Still, give Keith some credit: he delivers his goods with a manly growl that has style and charm. (And anybody who could get Willie to sing with them has one good thing to his credit in The Konformist book.) If you're going to play the Lee Greenwood "God Bless the USA" card at least have the talent to justify it. Unfortunately, Darryl Worley (The Konformist Beast of the Month) is no Keith or Greenwood.
Darryl Worley shares the Dreamworks label with Toby. Perhaps it was the SKG executives who pushed for the release of his lame-assed song "Have You Forgotten?" Or perhaps it was Worley on his lone gunman self, who saw a shameless sentiment to pander in the opportunistic tune. Whatever the case, "Have You Forgotten?" combines Keith's ignorant pro-war bluster with the schmaltzy sentimentality of Jackson's "Where Were You" for the worst of both worlds lacking either singer's virtues.
Here are some of the lyrics to his song: "I hear people saying we don't need this war/ I say there's some things worth fighting for/ What about our freedom and this piece of ground?/ We didn't get to keep 'em by backing down." He would later add as a chorus: "Have you forgotten how it felt that day/ To see your homeland under fire/ And her people blown away?/ Have you forgotten when those towers fell?/ We had neighbors still inside/ Going through a living hell/ And you say we shouldn't worry 'bout Bin Laden/ Have you forgotten?"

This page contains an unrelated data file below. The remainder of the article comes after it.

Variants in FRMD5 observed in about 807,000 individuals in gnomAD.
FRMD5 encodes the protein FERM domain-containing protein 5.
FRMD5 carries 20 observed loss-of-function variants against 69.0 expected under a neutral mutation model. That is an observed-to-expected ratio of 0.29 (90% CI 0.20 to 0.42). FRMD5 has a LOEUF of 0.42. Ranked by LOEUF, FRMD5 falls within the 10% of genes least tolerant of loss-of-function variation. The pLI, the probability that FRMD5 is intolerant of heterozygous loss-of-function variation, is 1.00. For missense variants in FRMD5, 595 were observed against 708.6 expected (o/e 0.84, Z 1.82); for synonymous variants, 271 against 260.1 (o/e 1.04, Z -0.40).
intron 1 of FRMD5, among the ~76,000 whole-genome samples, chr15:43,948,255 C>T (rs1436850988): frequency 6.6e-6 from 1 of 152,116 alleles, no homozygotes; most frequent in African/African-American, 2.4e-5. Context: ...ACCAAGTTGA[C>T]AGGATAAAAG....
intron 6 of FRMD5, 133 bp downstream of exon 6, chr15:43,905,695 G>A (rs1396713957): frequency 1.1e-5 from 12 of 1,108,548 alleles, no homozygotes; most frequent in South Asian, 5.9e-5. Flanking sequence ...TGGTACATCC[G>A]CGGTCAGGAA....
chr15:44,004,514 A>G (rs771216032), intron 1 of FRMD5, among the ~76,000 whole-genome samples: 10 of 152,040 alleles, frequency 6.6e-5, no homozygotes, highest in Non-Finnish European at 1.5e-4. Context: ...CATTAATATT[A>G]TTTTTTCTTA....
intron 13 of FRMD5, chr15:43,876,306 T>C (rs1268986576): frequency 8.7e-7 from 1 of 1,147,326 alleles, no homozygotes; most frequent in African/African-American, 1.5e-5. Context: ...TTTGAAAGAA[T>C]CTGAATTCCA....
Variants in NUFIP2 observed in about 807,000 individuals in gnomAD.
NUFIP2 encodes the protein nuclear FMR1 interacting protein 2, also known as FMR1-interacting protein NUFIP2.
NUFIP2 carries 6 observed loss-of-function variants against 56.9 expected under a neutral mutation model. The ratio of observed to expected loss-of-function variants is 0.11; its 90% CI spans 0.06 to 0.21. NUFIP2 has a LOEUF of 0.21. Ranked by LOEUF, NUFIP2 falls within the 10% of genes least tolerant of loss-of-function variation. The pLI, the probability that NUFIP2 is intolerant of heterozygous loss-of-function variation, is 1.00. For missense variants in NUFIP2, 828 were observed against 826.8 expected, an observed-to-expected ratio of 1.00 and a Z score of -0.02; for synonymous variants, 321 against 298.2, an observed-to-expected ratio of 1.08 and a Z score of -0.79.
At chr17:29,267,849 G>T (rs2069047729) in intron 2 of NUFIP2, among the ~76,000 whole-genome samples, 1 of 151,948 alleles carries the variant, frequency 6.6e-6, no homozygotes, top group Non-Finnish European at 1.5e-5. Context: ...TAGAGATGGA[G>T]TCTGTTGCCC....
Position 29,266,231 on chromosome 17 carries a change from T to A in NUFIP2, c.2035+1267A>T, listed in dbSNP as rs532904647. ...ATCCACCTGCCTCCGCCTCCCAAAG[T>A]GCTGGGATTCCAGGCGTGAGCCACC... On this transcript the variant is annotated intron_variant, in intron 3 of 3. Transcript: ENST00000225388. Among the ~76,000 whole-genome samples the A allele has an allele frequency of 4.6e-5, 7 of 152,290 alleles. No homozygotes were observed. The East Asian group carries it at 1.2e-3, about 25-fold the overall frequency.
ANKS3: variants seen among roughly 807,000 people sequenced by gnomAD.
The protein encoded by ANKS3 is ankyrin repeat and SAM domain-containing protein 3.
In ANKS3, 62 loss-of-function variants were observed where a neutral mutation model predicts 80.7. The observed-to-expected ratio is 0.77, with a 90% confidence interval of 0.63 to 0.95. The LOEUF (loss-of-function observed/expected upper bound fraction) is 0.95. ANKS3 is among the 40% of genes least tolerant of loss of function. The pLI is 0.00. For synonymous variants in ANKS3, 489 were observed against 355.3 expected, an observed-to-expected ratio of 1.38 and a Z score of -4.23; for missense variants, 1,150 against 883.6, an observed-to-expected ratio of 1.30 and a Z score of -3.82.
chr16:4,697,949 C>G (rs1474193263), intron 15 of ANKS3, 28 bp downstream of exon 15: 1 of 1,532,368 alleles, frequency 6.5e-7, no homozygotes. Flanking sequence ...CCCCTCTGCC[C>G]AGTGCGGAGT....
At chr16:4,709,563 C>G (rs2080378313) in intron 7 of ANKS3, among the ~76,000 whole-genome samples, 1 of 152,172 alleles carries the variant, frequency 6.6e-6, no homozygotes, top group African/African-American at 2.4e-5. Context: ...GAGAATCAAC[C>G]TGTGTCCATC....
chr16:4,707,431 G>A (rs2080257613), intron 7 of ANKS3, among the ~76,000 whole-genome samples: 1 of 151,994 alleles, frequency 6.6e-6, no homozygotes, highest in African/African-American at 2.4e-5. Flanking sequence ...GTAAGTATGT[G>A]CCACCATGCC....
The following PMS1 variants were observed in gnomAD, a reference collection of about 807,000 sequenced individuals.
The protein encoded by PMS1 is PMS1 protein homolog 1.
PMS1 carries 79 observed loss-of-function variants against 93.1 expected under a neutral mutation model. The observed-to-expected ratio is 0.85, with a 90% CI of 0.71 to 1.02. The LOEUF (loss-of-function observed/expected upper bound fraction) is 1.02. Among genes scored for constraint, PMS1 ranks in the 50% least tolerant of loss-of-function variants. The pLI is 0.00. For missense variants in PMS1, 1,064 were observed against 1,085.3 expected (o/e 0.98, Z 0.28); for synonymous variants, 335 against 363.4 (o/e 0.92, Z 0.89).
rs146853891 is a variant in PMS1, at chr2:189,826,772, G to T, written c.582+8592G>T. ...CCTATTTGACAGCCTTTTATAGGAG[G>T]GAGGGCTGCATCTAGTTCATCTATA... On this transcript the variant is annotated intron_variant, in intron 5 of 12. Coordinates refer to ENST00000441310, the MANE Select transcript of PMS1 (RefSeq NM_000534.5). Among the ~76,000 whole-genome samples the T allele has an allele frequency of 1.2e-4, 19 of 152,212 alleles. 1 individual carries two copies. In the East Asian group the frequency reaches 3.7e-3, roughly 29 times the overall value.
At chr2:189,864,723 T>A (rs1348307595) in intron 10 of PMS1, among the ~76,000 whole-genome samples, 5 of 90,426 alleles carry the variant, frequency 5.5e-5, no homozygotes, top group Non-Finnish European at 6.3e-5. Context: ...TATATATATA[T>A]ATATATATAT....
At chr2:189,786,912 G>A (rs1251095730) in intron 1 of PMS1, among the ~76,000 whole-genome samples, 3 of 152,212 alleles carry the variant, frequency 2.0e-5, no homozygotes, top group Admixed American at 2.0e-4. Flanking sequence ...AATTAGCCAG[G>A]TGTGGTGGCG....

The lyrics are pretty clear: those opposed to the war in Iraq have apparentely forgotten about 9-11. That is an insulting and false claim. Apparently, Worley has forgotten (or is ignorant of) the zero evidence linking either Osama bin Laden or 9-11 to Saddam Hussein. (Hussein, a brutal tyrant, had long been an ruthless enemy of radical Islam, which he viewed as a political competitor, which makes him an unlikely Osama ally.) He also chooses to ignore the bigger questions: there has yet to be any effective explanation of the incredible breakdown of NORAD air defense on the morning of 9-11, which indicates treasonous complicity in the disaster by US military officials. With the Bush Team stonewalling any investigation of the 9-11 disaster, this leads to a good question to ask Worley: What are we supposed to remember?
The ties that Worley has to the Pentagon are undeniable. He wrote "Have You Forgotten?" while on a USO tour. At a March 26 pro-war rally posing as a rally for families of American soldiers, Worley took George W. Bush's hand and said, "Mr. President (sic), I want you to know that I pray for you every day." He was given the American flag that was flown on Pentagon the first anniversary of 9-11 by Lt. General Richard Cody as a gift for his work. He has apparently benefited commercially from the ties: the song was number one on Billboard's Country Singles chart for seven weeks, and his quicky exploitative album (also titled Have You Forgotten?) debuted at number one on the country album charts and number four on the pop album list. Maybe his song isn't more offensive than Toby's, but it is the perfect example of combining equal parts bad politics and bad music.
In any case, we salute Darryl Worley as Beast of the Month. Congratulations, and keep up the great work, Darryl!!!